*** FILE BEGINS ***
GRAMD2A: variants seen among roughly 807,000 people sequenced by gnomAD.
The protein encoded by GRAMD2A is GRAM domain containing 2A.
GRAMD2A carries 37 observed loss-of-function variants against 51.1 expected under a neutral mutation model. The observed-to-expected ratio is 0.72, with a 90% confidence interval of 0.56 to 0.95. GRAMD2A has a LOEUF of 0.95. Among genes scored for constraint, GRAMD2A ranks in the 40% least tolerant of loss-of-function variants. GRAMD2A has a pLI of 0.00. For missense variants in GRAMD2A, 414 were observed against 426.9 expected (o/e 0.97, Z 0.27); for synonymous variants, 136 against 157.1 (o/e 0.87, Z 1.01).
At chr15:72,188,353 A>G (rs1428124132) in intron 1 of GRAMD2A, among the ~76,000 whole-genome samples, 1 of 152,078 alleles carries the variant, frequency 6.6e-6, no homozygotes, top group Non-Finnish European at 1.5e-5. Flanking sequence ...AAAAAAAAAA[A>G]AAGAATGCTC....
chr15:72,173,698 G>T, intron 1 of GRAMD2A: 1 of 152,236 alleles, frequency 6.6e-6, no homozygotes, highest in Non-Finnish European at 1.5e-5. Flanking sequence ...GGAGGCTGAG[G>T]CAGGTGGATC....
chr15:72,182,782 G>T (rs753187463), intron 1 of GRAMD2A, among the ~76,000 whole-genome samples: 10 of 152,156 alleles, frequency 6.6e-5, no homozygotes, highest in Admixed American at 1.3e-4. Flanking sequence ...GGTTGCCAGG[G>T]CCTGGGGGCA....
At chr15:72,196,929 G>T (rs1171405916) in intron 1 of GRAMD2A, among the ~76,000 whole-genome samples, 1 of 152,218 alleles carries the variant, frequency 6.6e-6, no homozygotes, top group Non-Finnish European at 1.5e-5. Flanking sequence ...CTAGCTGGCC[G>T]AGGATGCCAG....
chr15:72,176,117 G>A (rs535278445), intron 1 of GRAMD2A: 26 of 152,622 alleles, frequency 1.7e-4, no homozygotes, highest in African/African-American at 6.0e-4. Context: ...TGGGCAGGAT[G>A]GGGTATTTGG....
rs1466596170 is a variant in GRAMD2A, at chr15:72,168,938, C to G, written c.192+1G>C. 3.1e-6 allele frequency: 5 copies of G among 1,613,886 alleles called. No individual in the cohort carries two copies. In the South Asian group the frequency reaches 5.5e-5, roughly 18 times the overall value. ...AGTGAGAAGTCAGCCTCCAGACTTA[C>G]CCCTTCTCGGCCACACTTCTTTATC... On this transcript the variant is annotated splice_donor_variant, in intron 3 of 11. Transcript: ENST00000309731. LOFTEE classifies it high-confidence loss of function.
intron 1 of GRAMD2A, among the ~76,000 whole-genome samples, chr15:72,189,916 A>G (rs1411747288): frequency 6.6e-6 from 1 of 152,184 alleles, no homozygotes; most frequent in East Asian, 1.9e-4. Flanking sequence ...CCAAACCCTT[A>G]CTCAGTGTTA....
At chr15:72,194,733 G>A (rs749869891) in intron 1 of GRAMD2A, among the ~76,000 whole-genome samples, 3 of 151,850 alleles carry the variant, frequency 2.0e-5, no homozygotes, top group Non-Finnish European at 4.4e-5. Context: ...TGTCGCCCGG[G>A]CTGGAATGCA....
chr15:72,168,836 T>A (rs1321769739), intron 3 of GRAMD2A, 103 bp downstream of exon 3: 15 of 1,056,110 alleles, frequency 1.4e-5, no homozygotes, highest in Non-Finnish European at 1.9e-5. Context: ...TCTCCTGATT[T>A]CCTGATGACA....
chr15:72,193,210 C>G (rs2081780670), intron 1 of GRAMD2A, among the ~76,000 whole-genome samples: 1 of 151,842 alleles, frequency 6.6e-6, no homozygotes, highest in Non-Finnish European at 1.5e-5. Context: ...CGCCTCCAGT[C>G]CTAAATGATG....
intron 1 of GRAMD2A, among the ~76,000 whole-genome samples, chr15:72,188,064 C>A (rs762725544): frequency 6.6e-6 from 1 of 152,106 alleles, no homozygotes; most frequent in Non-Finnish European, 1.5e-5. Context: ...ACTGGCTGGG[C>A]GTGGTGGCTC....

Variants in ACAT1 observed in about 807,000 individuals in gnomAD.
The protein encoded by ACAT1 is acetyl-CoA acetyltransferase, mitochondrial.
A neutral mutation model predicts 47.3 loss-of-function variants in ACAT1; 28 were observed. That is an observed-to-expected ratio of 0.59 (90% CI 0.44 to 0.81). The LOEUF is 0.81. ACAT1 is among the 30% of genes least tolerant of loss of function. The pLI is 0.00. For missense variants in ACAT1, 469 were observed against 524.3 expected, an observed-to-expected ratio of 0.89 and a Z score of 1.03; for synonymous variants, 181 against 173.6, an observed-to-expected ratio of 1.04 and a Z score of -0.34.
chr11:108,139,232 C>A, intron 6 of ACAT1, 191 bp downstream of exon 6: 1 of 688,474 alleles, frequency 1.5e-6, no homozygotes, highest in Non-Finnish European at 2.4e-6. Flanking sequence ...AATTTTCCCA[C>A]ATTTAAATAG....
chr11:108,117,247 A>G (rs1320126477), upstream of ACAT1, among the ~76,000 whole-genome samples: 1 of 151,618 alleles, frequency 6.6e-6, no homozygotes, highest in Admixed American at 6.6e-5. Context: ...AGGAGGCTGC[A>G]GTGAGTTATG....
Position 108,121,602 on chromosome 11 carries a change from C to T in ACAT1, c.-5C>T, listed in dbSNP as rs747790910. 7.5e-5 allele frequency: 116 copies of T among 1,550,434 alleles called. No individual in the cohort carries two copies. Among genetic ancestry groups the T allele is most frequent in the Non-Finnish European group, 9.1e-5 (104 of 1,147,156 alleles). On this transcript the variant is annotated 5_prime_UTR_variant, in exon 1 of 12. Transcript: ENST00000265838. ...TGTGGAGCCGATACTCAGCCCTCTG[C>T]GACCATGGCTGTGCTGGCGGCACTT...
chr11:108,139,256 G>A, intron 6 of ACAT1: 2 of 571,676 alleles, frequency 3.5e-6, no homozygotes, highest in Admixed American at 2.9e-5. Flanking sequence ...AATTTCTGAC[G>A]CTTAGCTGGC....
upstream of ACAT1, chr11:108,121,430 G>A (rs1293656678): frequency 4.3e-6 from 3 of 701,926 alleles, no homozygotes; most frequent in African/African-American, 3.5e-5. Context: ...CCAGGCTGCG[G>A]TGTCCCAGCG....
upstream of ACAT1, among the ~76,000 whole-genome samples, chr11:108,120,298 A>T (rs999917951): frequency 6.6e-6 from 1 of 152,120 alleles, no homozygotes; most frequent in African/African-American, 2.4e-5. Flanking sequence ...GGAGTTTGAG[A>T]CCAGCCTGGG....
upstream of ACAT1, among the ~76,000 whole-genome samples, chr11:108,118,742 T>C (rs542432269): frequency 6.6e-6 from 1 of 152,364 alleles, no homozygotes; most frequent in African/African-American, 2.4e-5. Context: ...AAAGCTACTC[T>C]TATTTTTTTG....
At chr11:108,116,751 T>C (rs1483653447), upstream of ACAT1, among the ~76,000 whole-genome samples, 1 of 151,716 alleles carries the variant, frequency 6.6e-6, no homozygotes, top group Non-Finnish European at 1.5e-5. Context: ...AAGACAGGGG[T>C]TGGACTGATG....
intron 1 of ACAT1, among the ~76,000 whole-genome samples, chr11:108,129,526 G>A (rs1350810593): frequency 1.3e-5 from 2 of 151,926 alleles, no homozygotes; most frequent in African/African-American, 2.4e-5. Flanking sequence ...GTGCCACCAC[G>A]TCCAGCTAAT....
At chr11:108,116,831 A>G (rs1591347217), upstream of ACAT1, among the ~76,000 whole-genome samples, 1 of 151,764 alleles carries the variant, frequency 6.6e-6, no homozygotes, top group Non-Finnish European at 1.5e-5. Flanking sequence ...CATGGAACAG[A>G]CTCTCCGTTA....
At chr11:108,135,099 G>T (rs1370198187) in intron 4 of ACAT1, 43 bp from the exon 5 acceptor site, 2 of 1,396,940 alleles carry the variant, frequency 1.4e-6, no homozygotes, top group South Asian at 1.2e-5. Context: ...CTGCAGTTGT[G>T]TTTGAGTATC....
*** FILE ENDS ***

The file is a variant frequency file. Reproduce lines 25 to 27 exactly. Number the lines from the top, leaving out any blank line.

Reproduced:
At chr11:108,116,751 T>C (rs1483653447), upstream of ACAT1, among the ~76,000 whole-genome samples, 1 of 151,716 alleles carries the variant, frequency 6.6e-6, no homozygotes, top group Non-Finnish European at 1.5e-5. Context: ...AAGACAGGGG[T>C]TGGACTGATG....
intron 1 of ACAT1, among the ~76,000 whole-genome samples, chr11:108,129,526 G>A (rs1350810593): frequency 1.3e-5 from 2 of 151,926 alleles, no homozygotes; most frequent in African/African-American, 2.4e-5. Flanking sequence ...GTGCCACCAC[G>A]TCCAGCTAAT....
At chr11:108,116,831 A>G (rs1591347217), upstream of ACAT1, among the ~76,000 whole-genome samples, 1 of 151,764 alleles carries the variant, frequency 6.6e-6, no homozygotes, top group Non-Finnish European at 1.5e-5. Flanking sequence ...CATGGAACAG[A>G]CTCTCCGTTA....